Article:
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07

May

The Trace of the Teen

My one beef with Derrida’s “From Restricted to General Economy: Hegelianism Without Reserve” is that it’s not at all funny. This wouldn’t be a problem except that the essay, a reading of Georges Bataille’s critique of Hegel, hinges on Bataille’s laughter. Only by taking Hegel absolutely seriously, according to Derrida, does Bataille arrive at this laughter, and only by that process—unlike Bataille’s contemporaries, unlike Derrida’s contemporaries, and unlike so many today—does he do something other than reproduce the Hegelian dialectic. The burst of laughter from Bataille is the critical break, and I had hoped to hear something similar from Derrida.

It’s not really fair to call that a fault in this superb essay. Derrida’s method is to apply the same seriousness for which he praises Bataille to Bataille’s writing so that it, like any text, might unfold beyond the bounds of what it thought itself to be. Deconstruction is nothing more than absolute fidelity to the text. It is that fidelity that matters; the reproduction of style is ornamental, and my qualm is a stupid one. 

I recalled that missing moment of mirth when reading Helena Fitzgerald’s take on the Twitter “follow a teen” phenomenon. Here, though, the issue isn’t as superficial as Derrida not being able to tell a joke. It is that follow a teen, a goofy lark spun out of the extended adolescence of people who spend a lot of time fucking around on Twitter, is being taken “seriously” in a way that is not intellectually serious. It is instead a performance of seriousness. It would be like rebutting Bataille’s parodies of reason with formal proofs that the sun, in fact, is not an anus. It is like pointing out that the man from Nantucket was actually from Concord, or telling Warhol he should get a refund from the guy who fucked up his prints. It’s stodgy and sanctimonious and avoids the challenge of the new.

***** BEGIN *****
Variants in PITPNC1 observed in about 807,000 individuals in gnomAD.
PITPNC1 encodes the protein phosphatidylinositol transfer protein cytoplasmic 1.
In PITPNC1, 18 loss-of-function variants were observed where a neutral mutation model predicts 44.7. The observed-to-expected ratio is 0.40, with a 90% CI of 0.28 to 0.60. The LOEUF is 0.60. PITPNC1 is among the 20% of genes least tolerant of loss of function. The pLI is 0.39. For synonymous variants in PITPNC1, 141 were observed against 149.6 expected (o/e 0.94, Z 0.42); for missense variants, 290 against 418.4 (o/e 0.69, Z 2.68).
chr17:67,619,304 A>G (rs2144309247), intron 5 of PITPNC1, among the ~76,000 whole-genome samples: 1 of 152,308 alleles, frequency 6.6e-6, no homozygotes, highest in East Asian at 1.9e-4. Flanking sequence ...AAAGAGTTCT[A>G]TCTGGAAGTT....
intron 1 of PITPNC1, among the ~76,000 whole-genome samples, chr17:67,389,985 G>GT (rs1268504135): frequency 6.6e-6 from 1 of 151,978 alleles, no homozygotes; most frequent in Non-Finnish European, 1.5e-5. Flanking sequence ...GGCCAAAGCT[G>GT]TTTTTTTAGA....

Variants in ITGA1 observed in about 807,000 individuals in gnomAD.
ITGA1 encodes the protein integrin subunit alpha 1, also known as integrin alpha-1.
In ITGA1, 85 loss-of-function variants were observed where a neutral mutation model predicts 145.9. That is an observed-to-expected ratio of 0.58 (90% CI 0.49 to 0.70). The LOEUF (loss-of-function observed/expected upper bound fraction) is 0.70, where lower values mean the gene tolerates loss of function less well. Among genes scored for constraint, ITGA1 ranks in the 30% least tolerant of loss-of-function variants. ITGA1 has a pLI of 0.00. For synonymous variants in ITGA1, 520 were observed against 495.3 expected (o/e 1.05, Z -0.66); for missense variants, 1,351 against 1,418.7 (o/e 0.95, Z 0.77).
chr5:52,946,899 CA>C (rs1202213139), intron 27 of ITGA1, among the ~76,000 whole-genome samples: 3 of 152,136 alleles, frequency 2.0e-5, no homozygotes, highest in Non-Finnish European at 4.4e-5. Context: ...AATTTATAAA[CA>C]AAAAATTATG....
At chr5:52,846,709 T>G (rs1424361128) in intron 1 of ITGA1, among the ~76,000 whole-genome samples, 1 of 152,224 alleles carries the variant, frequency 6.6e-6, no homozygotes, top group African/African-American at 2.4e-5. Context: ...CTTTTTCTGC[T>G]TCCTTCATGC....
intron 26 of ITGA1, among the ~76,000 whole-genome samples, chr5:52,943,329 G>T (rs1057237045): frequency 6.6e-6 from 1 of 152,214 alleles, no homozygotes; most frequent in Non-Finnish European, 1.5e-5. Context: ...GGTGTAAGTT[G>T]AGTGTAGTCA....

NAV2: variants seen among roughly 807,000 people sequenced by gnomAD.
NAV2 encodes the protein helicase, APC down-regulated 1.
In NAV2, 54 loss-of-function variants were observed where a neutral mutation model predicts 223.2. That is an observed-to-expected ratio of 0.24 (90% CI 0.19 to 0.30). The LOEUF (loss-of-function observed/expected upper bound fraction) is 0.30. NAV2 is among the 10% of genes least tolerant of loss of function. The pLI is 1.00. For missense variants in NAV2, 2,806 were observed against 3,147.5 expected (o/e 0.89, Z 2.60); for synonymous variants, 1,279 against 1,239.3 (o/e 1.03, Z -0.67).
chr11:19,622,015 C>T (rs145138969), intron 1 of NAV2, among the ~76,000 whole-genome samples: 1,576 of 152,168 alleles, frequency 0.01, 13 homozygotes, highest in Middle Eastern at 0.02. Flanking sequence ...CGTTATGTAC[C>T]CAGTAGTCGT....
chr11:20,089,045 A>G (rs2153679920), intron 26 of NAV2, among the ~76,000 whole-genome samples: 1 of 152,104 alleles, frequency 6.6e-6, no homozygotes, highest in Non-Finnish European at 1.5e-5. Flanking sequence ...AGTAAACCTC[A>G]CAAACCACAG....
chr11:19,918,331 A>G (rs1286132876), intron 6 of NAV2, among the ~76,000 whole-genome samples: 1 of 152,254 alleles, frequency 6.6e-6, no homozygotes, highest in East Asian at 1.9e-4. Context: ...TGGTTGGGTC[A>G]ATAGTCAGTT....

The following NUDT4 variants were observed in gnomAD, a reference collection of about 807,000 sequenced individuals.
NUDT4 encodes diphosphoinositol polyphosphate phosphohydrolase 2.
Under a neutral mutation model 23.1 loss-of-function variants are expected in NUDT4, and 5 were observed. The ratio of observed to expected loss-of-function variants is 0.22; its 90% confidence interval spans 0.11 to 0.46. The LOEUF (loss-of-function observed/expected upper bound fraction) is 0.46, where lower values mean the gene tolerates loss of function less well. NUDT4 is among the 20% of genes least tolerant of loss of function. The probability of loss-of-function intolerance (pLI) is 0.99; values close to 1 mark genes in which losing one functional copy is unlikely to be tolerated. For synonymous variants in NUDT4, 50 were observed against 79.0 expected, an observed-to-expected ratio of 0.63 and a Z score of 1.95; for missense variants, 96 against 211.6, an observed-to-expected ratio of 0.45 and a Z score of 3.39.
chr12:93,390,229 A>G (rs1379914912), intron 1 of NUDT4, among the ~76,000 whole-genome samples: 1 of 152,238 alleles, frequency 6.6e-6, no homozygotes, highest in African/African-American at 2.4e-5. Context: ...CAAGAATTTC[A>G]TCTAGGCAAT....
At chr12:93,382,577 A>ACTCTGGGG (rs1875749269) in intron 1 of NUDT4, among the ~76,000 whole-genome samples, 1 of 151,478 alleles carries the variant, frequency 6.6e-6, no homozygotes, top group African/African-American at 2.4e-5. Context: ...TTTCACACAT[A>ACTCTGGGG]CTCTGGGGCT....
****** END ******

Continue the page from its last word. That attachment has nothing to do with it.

(I should say that Dave Thorpe, the guy behind follow a teen, is a friend of mine, just so that doesn’t get cited as my secret motive here. Even before I met Dave I read his work and thought he was clever. I would think follow a teen is interesting even if I didn’t hang out with Dave. Now that I think about it, follow a teen was one of the things that first got me into Twitter. That was when I realized there was a wishing well into which millions of people were screaming and anyone could go for a listen.)

Follow a teen and Twitter are creepy, Fitzgerald writes. Yes, I agree, there is something really interesting about the heterogeneity of public and private fields projected and accessed in a single space on Twitter. That can produce effects that are “creepy,” if you want to be terminologically rigorous about it. But that is the essence of what is interesting about Twitter: other people have subjectivities different from my own! And I can access them in previously impossible modalities! I find this wonderful and mysterious. But I can see why it would be creepy, too.

"Following" has creepy connotations, like stalking or being a cult member. Like in Kevin Bacon’s serial killer show with literary pretensions, "The Following." In fact, in one of the early episodes Bacon mentions something about the parallels between cults and social media. But even in a hamfest like The Following the writers knew that dog wouldn’t hunt and cut out further half-baked ruminations. The literary idealist confusion between language and material reality is seductive but fallow. A serious interlocutor of Twitter would examine the relationships between followers and followees, which are again heterogenous and surprising, rather than a single word, to understand the multiple cultures built on Twitter. (When you "subscribe" to someone on Facebook, do you think that is a different experience because FB uses a different word or because it is a different network built to create and channel different types of relationships?)